Wall Street Trading Firms Recruiting Poker Players

A new era has begun, when it comes to trading firms scouting for new talent to add to their team of professional Wall Street traders. Giving up the old conventional ways of looking for new Wall Street recruits, firms are now switching the focus on poker skills rather than business experience or connections. This new phenomenon of trade companies hunting down poker pros does not come as a surprise to many. With most firms now acknowledging that a poker player lacks in-the-field experiences, they easily make up for it in their quick decision-making and their number-crunching abilities.

Wall Street Trading Firms and Hedge Funds Looking for Poker Players

So does a poker player really make a good Wall Street trader?

To answer this question, we must first look at what a trader is required to do when trading at Wall Street. A person, who is classified as a good trader is someone who has the ability to be profitable out of buying and selling stocks or commodities at the right time. Although this might sound easy, in actual fact it is not. Many traders take years to perfect their skills in selling and buying and no amount of knowledge will ever truly tell you what tomorrow will bring. They spend hours at end, watching the computer screen all day long, always ready to place an order when an opportunity comes. It is a fast-paced environment, where quick decision-making is a must and the difference between a profit or a loss could sometimes just be a couple of seconds. They have a hunger to increase their profits and are not scared to take a punt and most of all, they can always pick themselves up quickly after a bad day.

Considering we now have an overall view of what a stock trader is required to do and what kind of environment they are working in, we must now look at a good poker player, to understand why there is so much interest in them at Wall Street. Any good or professional poker player that is able to make a career or living out of poker possesses the following attributes and skills: They have the ability to constantly work through probabilities in order to determine when another player is betting more or less than makes sense, given the cards on the table. They are able to have a successful bankroll management plan and have the focus and drive to improve it. They are able to make good judgements on the amount of money they are willing to risk for the return it will bring. The environment they are in is usually multiple screens and multiple poker tables, just like the traders on Wall Street. Poker players can focus on what they’re holding not only at one table but sometimes even exceeding 10-20 tables at a time with slip-second decisions. It is also important that most of the pro poker players have the ability to bounce back after big losses.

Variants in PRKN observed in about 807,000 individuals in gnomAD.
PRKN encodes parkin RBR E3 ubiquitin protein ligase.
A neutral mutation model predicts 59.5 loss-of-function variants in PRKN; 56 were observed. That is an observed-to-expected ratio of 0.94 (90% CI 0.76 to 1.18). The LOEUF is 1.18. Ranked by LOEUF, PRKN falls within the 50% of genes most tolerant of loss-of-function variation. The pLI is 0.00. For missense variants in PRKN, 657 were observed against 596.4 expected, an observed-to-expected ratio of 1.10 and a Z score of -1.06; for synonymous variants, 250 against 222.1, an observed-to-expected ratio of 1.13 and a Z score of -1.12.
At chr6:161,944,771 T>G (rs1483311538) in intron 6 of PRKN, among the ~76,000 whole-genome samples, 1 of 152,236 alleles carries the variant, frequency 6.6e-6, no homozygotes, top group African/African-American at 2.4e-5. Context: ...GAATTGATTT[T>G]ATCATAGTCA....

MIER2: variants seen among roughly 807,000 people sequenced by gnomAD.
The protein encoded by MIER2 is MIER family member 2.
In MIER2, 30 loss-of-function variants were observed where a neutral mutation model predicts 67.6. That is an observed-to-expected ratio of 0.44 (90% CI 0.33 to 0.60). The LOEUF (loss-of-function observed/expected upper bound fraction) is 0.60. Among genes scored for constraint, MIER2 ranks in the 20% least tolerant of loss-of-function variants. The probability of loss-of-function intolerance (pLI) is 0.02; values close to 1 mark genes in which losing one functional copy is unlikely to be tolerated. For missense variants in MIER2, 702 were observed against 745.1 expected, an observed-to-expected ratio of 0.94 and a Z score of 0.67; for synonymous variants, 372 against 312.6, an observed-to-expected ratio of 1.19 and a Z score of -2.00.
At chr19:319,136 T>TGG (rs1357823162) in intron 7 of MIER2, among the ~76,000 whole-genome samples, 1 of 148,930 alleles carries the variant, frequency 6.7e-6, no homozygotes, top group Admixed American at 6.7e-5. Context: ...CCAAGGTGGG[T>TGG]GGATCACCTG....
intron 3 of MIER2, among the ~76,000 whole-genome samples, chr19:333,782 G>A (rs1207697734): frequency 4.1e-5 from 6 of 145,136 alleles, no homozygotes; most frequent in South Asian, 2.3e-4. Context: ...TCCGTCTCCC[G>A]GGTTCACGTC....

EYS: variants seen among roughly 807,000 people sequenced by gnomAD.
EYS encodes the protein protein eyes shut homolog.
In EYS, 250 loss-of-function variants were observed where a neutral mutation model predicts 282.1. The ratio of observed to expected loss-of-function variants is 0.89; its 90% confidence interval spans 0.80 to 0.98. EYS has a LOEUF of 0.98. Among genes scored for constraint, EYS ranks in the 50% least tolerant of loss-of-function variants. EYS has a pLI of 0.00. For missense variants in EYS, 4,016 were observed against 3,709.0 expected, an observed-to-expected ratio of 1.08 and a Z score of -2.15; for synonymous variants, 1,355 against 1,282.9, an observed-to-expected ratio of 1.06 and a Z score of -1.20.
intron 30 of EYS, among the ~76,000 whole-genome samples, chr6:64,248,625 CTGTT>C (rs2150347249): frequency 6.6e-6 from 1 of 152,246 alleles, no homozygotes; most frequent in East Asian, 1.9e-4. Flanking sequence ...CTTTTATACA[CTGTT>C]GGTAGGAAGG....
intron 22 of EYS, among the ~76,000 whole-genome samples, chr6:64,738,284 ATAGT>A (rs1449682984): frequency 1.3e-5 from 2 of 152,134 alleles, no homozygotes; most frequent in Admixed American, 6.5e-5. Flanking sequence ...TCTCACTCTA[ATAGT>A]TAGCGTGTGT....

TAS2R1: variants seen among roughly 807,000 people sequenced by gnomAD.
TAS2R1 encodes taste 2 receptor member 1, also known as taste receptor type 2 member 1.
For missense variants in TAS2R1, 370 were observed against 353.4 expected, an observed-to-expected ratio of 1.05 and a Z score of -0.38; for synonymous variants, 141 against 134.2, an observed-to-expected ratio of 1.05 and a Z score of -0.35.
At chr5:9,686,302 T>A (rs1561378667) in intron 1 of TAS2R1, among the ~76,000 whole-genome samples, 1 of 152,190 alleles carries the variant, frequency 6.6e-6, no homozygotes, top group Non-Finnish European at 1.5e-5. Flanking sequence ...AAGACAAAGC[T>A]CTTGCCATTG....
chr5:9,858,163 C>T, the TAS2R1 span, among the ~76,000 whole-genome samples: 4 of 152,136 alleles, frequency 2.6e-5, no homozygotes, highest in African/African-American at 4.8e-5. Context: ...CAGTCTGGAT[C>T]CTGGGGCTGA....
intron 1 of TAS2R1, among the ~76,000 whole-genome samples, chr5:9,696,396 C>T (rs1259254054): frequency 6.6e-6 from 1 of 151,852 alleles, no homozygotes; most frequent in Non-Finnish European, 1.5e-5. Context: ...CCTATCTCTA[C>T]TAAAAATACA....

After looking at both a good Wall Street trader and good poker player we can see why so many companies are now considering poker players as their best bet. The crossover skills of being able to have good understanding of probability and algorithms, combined with great judgments, concentration skills, quick decision-making and the ability to come back after big losses would make them a valued team member to any trading company.

Recently published in the Los Angeles Times was an article that looked at the connections between a profitable stock broker and a profitable poker player. In the article the reporter Chris Fargis used the Wall Street firms, Toro Trading and Susquehanna International Group as an example.

At the Toro Trading firm, Chris Fargis interviewed Danon Robinson, a Toro partner and found that he had never been to any business school or even taken a finance class. Danon had made a living out of playing poker for 6 years.
"If someone's been successful at poker then there's a good chance they could be successful in this business," said Danon Robinson. "If you have no interest, that's almost a red flag…it's almost the equivalent of not reading the Wall Street Journal."

At the Philadelphia-based trading firm, Susquehanna International Group, Chris found that they have made poker an essential part of their employee training program. All the new hired employees are required to read the “textbooks” The Theory of Poker and Hold 'Em Poker. On top of this, poker training doesn’t just stop at the books, with all employees also being required to spend at least one day a week playing poker.
"We are trying to teach people how to be good decision-makers under uncertainty," said Pat McCauley, who runs the training program. "It's not the stereotypical stuff with bluffing - it's real science."

In my opinion, a good poker player could easily make a good stock trader, but I would also believe that a poker player will still need to acquire a deep couple of months or even years of experience on the markets before he can become a real professional trader. It is not a matter of whether a good poker player could make a good trader, I think it is rather whether they want to do it. Considering that a talented poker player is able to pull around a 6-figure wage per year, works his own hours, doesn’t have a boss that puts the pressure on him to hit his targets, doesn’t have to battle traffic each day to get to work. This makes you ask the question: Why would they make the change?